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July 4th Tips - No Fireworks for DOGS!

More dogs run away on the July 4th than on any other day of the year - primarily due to the sensory overload from fireworks.  The giant burst of  explosives and subsequent whimper drives dogs nuts and often triggers  their innate flight instinct.

Many people equate the sights and sounds of Independence Day fireworks with  the trauma that dogs can experience in thunderstorms. But there are a number of differences.  First, fireworks are manmade. Second, fireworks are closer to the  ground and more vibrant. Third, dogs are not prepared for the sudden sensory experiences of booms  (sound), flashes (sight) and burnt aromas (scent) that come with fireworks. 

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How to prepare for July 4th

Take your dog away from areas where there will be a  fireworks display nearby. Take them to a relatives house or to a day care center they are familiar with and comfortable  at. Plan ahead -- if you are taking them to a new place they haven’t been,  expose them to the home or center in the days and weeks before the holiday, so  when you take them for the holiday, it’s not a surprise and for them, it’s just  like any other day of the year.

Don’t think of this in terms of your dog as your child who is missing out on  a great, fun time. That’s human guilt and trust me, the dog won’t know what he’s  missing and has no burning desire to celebrate the holiday with fireworks. You’re being a good pack leader by not exposing him to a situation that will trigger his flight instinct  in a negative way. 

If you leave the dog at home, you can do so in a travel kennel. Make sure there is someone who can let him out to relieve himself every  four hours and provide a little companionship until you’re home. Be sure you take your dog out for some exercise before putting him/her in the kennel.  Remember, a tired dog is a happy dog - and a  happy dog means a happy you.  

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Some dogs can deal with the sights and sounds of fireworks if they’ve been  desensitized (e.g., hunting dogs). You can try to play sounds for your dog that simulates fireworks before he  eats, before a walk, before affection and play, and condition him to hear the sound and interpret it as something  good. But keep in mind, the soundtrack cannot replace the actual power of real  fireworks (which are inevitably much louder and more abrupt, and include visual and scent stimuli as well). If you must have your dog near fireworks, then make sure he is  properly leashed and close to you.

This rule applies even more so for personal fireworks - In addition to the risk or your dog escaping, exposure to lit fireworks can potentially result in severe burns and/or trauma to the face and paws of curious dogs, even unused fireworks can pose a danger. Many types contain potentially toxic substances, including potassium nitrate, arsenic and other heavy metals.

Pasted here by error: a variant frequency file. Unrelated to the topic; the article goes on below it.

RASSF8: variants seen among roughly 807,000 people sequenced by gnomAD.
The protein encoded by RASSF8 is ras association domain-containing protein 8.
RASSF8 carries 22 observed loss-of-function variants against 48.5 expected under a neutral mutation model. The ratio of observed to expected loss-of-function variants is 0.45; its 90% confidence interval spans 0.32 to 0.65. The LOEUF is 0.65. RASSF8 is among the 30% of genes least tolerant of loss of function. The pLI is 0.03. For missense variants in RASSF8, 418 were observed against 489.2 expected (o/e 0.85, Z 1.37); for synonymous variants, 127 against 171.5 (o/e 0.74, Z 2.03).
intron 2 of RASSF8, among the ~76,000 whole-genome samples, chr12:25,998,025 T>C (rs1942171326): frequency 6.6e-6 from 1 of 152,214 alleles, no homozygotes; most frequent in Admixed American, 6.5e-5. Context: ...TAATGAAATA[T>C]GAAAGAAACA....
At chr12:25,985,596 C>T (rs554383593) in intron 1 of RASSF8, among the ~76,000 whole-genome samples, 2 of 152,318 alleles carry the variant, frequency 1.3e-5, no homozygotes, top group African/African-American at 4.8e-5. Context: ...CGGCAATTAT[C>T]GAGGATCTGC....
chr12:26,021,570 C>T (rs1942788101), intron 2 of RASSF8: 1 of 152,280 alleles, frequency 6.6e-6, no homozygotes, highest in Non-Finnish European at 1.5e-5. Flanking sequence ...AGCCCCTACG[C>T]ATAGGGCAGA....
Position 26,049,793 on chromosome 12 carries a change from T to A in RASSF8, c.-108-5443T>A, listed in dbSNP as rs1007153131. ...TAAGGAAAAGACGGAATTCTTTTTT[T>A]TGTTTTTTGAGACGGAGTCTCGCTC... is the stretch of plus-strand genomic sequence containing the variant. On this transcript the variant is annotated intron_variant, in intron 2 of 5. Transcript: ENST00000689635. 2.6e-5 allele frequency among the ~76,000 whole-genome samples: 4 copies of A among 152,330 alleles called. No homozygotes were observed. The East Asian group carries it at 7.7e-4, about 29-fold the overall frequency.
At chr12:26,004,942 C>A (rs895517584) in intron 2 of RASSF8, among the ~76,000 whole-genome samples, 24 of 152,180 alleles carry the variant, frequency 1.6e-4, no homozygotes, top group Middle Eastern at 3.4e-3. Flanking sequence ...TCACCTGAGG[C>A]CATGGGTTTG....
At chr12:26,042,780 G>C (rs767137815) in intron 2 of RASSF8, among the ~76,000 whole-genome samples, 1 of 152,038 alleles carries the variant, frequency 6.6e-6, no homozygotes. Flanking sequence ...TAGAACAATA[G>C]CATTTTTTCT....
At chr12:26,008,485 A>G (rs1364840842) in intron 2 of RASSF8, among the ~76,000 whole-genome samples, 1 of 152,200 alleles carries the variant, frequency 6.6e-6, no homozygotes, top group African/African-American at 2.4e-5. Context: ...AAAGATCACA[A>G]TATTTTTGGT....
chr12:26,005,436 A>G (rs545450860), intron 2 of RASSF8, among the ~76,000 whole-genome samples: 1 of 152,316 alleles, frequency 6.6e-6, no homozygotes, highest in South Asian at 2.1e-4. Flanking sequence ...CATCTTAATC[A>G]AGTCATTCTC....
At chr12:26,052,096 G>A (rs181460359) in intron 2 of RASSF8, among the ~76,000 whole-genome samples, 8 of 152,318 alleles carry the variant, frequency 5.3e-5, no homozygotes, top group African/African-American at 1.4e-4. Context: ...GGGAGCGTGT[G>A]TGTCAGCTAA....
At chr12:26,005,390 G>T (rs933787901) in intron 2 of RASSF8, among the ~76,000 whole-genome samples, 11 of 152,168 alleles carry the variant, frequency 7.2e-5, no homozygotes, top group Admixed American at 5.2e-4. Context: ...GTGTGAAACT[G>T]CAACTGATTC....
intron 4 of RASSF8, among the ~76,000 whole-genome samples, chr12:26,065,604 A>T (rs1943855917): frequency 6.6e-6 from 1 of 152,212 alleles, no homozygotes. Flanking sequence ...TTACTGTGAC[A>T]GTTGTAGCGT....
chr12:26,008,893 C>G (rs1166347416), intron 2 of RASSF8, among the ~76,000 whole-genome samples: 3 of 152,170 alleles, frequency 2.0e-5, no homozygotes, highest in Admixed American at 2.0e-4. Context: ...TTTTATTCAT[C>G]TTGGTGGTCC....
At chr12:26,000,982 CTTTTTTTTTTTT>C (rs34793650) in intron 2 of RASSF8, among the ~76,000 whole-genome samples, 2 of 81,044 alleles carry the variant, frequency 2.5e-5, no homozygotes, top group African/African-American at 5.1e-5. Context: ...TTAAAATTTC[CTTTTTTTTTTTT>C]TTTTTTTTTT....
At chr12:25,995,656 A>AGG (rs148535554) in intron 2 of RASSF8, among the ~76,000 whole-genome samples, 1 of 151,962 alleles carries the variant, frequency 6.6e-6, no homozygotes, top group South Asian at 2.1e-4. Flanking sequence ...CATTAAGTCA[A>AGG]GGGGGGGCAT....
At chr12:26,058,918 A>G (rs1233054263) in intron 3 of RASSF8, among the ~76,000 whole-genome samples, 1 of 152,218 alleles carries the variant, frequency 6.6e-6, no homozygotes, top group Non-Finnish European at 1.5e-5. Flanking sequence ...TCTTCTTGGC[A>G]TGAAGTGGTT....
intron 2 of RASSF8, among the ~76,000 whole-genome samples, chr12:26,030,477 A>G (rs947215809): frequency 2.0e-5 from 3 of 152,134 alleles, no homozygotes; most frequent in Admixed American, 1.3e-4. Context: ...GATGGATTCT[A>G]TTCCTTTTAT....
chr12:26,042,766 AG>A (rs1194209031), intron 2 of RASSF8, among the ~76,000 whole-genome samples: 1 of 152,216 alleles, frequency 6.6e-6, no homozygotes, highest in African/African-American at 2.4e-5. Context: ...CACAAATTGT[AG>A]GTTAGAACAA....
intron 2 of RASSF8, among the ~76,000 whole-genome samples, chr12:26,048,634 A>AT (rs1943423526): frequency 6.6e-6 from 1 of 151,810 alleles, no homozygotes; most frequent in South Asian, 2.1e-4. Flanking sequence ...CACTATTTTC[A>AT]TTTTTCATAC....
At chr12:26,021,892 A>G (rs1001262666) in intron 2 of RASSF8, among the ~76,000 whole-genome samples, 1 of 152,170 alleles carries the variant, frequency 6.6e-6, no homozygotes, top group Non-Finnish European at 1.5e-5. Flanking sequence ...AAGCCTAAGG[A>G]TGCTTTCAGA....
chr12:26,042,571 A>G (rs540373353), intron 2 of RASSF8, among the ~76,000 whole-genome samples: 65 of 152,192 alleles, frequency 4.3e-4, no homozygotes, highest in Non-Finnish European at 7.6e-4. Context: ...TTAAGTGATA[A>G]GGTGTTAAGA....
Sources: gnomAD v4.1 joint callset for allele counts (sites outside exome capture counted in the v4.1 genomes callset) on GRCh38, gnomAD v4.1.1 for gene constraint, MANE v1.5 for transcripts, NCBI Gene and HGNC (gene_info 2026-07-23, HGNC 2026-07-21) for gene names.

Some additional July 4th Tips

Never leave alcoholic drinks unattended where your dog can reach them. Alcoholic beverages have the potential to poison dogs. If ingested, the animal could become very intoxicated and weak, severely depressed or could go into a coma. Death from respiratory failure is also a possibility in severe cases.      

Do not apply any sunscreen or insect repellent product to your pet that is not labeled specifically for use on animals. Ingestion of sunscreen products can result in drooling, vomiting, diarrhea, excessive thirst and lethargy. The misuse of insect repellent that contains DEET can lead to neurological problems.      

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Always keep matches and lighter fluid out of your dogs’ reach. Certain types of matches contain chlorates, which could potentially damage blood cells and result in difficulty breathing—or even kidney disease in severe cases. Lighter fluid can be irritating to skin, and if ingested can produce gastrointestinal irritation and central nervous system depression. If lighter fluid is inhaled, aspiration pneumonia and breathing problems could develop.         

Do not put glow jewelry on your dogs, or allow them to play with it. While the luminescent substance contained in these products is not highly toxic, excessive drooling and gastrointestinal irritation could still result from ingestions, and intestinal blockage could occur from swallowing large pieces of the plastic containers.      

Keep citronella candles, insect coils and oil products out of reach. Ingestions can produce stomach irritation and possibly even central nervous system depression. If inhaled, the oils could cause aspiration pneumonia in dogs.